Sadlowski, whose main point of difference with Abel has boiled down to disagreement over dues increases, also went along with Abel’s plan to add a few more $55,000-a-year bureaucrats to the national leadership. It was expected that Sadlowski would challenge Abel on this point, since it was a maneuver designed to bring about unity of the Abel forces and prevent a split in the elections next year.


Even though Sadlowski continued to liquidate the demands of the rank-and-file workers, many of whom have supported him against Abel, these demands were heard from the floor nevertheless. One union local exposed the situation of its membership where over 300 workers are on layoff, while those still on the job are being forced to work overtime.

Health and safety conditions in the mills were also attacked from the floor, along with the union leaders who have done nothing about it. The convention itself was interrupted with an announcement of another death in the coke ovens.

This type of rank-and-file protest, coming at a convention that was almost completely stacked by bureaucrats, reflects only the tip of the iceberg of the broad rank-and-file movement that has existed in the steel industry for some time. It is this movement which Sadlowski has tried to latch on to, holding it back from pursuing the class struggle against capitalism. He is trying to water it down into a movement of patch-up reforms of both the union and the capitalist system itself.

Collaborating with Sadlowski in holding back the tide of class struggle is the revisionist Communist Party USA (CPUSA), which has actively joined Sadlowski’s election machine and his so-called “fightback committees.”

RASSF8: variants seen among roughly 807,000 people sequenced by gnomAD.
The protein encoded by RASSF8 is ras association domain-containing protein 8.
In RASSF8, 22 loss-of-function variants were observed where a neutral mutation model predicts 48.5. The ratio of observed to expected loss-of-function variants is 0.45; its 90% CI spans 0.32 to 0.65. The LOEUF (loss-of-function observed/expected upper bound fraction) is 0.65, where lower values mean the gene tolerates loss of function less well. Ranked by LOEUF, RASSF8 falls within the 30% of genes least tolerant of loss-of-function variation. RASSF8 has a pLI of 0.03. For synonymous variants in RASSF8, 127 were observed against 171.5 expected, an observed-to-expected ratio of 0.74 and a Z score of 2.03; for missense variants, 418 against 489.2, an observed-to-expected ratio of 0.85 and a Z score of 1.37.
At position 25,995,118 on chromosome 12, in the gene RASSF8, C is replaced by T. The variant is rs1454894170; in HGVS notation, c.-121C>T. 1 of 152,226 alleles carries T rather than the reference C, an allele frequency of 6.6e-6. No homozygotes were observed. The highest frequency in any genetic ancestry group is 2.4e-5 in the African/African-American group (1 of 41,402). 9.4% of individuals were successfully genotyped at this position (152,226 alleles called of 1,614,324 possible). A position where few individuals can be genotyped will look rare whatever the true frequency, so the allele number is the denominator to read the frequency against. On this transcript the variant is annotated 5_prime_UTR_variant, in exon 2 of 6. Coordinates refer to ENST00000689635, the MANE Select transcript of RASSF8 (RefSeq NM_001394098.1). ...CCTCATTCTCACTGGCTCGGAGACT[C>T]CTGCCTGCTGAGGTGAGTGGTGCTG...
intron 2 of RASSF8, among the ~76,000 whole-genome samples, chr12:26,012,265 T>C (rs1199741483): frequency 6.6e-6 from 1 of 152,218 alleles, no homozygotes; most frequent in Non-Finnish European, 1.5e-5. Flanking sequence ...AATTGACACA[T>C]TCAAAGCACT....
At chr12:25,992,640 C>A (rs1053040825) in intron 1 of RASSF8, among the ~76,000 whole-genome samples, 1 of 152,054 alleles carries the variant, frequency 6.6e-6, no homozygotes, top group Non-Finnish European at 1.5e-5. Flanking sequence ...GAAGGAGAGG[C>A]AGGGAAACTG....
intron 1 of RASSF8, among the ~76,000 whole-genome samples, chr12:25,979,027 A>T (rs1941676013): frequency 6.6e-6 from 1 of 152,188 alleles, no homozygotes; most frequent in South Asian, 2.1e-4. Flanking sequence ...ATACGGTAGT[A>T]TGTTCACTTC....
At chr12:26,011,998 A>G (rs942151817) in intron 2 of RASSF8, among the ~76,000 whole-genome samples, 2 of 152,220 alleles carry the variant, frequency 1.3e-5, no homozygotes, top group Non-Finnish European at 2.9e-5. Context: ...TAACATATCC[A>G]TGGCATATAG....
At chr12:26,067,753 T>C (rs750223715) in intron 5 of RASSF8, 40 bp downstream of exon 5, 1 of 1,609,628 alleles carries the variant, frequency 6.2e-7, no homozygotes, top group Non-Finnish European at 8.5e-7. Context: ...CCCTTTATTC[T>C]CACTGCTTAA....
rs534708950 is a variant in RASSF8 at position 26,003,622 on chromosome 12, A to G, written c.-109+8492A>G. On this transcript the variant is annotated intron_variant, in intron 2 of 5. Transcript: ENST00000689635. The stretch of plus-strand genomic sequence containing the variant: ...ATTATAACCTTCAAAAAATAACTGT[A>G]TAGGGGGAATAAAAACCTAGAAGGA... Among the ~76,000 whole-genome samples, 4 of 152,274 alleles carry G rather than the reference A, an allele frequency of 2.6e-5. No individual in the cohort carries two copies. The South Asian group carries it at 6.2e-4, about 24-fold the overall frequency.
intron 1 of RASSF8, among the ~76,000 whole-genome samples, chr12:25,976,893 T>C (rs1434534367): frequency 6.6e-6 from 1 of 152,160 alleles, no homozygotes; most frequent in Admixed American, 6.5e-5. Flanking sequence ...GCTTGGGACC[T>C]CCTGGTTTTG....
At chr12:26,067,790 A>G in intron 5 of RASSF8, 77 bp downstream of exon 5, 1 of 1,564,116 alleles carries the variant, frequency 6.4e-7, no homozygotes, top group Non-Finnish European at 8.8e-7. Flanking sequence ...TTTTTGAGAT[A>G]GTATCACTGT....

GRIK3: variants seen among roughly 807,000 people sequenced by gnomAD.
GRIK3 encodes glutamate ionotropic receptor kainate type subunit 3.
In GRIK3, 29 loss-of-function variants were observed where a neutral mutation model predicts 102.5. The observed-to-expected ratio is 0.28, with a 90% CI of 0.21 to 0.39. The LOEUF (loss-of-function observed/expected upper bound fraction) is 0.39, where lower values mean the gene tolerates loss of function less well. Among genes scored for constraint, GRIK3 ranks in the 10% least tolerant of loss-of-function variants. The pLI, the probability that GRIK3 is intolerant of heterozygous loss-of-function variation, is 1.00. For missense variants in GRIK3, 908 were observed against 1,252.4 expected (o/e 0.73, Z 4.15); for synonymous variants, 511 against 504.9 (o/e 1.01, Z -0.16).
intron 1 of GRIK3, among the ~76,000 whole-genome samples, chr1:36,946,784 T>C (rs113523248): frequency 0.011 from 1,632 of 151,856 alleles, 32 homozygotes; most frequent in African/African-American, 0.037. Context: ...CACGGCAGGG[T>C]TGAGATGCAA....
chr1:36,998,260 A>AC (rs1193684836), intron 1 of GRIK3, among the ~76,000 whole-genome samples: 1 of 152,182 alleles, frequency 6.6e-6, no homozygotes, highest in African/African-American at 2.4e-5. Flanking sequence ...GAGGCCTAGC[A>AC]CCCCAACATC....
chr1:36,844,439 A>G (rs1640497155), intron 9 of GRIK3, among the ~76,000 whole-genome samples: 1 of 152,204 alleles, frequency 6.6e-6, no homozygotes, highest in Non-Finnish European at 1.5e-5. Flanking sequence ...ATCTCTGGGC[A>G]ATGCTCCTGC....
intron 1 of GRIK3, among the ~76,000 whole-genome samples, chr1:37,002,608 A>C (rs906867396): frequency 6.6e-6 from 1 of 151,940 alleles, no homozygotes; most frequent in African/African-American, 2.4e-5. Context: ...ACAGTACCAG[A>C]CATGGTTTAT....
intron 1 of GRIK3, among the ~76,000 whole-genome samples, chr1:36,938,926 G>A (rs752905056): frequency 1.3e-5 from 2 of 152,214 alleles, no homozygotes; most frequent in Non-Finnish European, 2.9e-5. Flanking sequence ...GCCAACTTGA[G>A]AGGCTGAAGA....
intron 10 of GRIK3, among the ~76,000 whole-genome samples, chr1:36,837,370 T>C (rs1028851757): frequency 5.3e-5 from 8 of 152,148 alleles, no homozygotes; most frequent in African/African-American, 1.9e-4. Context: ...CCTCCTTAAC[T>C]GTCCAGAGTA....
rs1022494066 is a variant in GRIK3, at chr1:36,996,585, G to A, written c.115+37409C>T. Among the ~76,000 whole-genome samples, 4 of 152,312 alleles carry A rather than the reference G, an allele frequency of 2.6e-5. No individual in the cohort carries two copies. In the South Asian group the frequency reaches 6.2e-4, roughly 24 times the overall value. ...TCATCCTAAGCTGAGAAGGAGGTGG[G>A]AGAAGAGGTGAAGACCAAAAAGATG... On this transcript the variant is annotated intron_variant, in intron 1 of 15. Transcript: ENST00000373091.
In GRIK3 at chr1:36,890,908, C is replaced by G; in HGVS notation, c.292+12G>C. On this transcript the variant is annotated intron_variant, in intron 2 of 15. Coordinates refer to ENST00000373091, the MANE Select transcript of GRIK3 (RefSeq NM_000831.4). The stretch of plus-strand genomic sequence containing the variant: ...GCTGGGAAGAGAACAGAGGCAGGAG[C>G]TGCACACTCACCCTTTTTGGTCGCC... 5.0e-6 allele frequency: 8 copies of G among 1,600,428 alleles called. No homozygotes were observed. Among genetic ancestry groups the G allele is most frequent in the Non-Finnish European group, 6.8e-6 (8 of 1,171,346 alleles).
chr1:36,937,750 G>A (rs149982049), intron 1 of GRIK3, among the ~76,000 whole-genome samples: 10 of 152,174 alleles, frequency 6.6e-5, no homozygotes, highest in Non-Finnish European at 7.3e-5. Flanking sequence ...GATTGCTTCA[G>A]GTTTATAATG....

The Sadlowski campaign shows the close link between revisionism and reformism, because it is in this campaign that the CP has established some of its strongest footholds in the workers’ struggle. While glorifying Sadlowski as the “voice of the rank and file,” the CP is planning to ride his coat tails into more powerful positions in the union. From such positions, and by maintaining a bloc with Sadlowski-type reformists, the revisionists will be more capable of spreading the pro-“detente” interests of Soviet social-imperialism, and turning the revolutionary struggle of steelworkers into a reform struggle to preserve the system.

The basic conditions of steelworkers–whose wages are falling, whose lives are endangered on the jobs, who are faced with constant discrimination, speedup and layoffs contains a great potential for militant class struggle. The reformist and revisionist aristocrats of labor know this and are trying to stamp it out. They are wielding the club of the old Abel machine which tries to stamp out class struggle through goon squads and bureaucracy. But they are increasingly looking to the Sadlowski-type club to stamp out the class struggle through a militant disguise that claims to represent the rank and file.

The rank-and-file movement must break with the old Abel machine not by changing a face at the top, but by changing the basic class character of the unions. To advance the struggle towards victory, steelworkers must have a fighting union of class struggle against capitalism, not of collaboration with imperialism which both Abel and Sadlowski represent.